State lawmakers threw out a bill that would have affected the privacy of hundreds of thousands of Internet users throughout the state. HB 2288 would have required all Internet service providers in Hawai'i to collect detailed browser histories on anyone using the Internet. The data collected would have been required to be held by the Internet service providers (ISP) for at least two years.
The Electronic Frontier Foundation noted that the bill could have been applied to libraries, coffee shops and employers if it had been passed into law.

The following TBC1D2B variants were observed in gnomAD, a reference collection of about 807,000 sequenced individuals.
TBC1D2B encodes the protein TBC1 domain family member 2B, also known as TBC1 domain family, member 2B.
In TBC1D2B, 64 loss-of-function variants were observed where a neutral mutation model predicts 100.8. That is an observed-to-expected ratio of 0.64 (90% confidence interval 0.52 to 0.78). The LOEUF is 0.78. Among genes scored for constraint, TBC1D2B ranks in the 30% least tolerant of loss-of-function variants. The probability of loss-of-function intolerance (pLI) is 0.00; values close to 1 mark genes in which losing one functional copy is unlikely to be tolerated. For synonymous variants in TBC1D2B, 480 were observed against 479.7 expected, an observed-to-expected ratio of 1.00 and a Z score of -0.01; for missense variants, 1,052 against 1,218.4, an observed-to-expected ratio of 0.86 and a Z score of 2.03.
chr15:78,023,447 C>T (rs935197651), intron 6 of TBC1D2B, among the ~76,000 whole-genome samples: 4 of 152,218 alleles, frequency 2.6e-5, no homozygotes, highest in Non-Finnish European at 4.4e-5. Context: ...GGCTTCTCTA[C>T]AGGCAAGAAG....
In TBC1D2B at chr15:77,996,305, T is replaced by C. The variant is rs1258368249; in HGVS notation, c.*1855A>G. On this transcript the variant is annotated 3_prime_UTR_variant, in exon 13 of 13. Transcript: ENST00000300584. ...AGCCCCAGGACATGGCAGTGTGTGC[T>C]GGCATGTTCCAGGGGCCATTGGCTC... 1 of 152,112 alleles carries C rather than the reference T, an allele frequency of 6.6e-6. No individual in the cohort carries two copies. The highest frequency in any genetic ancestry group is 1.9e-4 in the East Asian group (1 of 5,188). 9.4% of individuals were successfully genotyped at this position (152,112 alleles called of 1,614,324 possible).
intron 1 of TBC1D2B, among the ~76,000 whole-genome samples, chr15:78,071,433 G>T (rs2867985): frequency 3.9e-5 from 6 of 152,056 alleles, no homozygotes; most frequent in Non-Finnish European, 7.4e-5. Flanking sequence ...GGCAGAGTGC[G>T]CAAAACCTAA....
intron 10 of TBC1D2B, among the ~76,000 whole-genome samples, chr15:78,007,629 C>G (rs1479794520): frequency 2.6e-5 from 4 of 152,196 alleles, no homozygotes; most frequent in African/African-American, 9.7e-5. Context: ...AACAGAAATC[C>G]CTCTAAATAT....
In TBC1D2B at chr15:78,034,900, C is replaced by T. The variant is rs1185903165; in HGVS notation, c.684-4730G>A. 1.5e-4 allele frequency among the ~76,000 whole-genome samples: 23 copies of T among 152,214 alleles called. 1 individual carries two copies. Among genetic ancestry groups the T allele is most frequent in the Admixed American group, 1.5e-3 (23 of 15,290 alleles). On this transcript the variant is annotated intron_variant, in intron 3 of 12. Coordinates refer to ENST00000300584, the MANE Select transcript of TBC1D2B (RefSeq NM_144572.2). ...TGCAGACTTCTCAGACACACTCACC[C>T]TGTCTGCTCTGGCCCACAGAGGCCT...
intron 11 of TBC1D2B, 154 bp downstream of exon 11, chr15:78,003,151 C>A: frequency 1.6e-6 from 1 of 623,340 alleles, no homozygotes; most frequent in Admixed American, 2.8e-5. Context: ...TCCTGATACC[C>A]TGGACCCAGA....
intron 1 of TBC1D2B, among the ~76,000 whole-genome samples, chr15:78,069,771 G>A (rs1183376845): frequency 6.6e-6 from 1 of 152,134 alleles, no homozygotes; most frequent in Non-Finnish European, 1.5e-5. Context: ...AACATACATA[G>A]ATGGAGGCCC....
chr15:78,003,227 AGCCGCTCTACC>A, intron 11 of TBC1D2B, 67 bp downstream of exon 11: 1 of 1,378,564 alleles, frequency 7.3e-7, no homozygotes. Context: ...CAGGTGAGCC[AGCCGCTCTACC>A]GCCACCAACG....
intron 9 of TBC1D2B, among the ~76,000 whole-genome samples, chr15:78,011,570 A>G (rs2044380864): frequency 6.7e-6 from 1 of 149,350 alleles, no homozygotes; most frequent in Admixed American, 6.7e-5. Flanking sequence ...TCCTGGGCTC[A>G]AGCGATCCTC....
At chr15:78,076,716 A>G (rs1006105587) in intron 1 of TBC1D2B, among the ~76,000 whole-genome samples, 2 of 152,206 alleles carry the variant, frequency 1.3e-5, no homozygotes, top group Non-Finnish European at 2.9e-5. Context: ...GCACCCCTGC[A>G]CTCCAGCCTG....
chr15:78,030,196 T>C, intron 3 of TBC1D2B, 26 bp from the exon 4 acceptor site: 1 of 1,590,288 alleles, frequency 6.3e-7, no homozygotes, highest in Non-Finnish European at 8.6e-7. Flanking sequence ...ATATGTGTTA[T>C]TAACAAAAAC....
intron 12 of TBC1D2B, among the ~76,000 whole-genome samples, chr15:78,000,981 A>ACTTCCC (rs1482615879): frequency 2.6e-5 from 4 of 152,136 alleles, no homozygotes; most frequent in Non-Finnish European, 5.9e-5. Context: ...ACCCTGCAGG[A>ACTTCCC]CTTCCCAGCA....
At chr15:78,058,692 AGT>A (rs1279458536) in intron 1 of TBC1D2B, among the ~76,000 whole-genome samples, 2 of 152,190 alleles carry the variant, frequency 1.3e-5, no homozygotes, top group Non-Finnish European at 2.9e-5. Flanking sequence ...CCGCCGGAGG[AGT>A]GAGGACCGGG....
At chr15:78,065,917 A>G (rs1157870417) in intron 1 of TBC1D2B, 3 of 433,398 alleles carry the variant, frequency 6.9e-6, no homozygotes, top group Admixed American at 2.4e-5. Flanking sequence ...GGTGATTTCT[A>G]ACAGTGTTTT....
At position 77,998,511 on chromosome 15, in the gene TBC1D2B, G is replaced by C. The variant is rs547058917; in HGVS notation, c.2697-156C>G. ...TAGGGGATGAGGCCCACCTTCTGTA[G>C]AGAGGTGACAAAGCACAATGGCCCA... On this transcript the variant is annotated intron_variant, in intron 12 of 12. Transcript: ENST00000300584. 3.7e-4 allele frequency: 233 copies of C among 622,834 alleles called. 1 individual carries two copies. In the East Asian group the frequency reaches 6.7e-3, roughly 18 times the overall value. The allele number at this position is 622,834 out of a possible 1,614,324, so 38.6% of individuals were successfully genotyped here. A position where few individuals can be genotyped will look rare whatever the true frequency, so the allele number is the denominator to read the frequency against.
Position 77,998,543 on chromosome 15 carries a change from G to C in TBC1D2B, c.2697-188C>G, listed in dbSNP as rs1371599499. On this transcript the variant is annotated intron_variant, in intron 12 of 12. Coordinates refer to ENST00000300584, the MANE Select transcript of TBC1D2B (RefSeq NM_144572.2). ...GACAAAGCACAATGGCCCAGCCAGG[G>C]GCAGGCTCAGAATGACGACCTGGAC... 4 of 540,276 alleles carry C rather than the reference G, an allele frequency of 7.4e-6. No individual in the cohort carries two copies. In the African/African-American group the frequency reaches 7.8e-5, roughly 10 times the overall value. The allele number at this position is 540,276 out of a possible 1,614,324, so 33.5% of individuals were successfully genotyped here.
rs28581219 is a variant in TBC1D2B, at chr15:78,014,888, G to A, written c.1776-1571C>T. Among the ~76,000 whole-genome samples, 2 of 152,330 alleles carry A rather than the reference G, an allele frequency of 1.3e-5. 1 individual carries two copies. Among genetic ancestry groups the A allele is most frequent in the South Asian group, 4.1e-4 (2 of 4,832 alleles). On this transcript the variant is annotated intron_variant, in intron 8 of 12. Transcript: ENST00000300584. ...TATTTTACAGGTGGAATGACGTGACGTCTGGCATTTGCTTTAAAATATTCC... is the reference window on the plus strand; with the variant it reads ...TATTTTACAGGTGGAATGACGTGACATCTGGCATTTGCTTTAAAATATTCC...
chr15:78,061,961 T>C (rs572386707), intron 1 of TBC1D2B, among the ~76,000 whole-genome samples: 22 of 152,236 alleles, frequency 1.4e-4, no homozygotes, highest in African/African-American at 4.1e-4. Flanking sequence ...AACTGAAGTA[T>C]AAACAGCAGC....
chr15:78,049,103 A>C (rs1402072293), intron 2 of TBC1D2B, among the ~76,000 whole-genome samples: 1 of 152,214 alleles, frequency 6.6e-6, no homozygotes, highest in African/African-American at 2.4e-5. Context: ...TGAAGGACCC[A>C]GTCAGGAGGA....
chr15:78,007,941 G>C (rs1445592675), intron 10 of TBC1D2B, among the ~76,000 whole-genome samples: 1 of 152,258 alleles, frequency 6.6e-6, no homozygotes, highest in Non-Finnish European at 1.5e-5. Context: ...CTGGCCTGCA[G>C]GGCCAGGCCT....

"This is one of the most poorly drafted pieces of data retention legislation we've ever seen," EFF Activism Director Rainey Reitman wrote.
The bill was supposed to be heard on Thursday, Jan. 26, but was instead tabled due to overwhelming opposition from the public.
The U.S. Internet Service Provider Association wrote a letter of opposition to the Hawai'i House Committee on Economic Revitalization & Business (ERB), which was due to consider the bill. The letter expressed unease with a "myriad of privacy concerns" and the high cost of compliance.
"We do not have a cost estimate in dollars to propose to the committee due to the sheer breadth of the legislation," wrote Kate Dean, the association's executive director. "But the potential cost implications for ISPs would be substantial."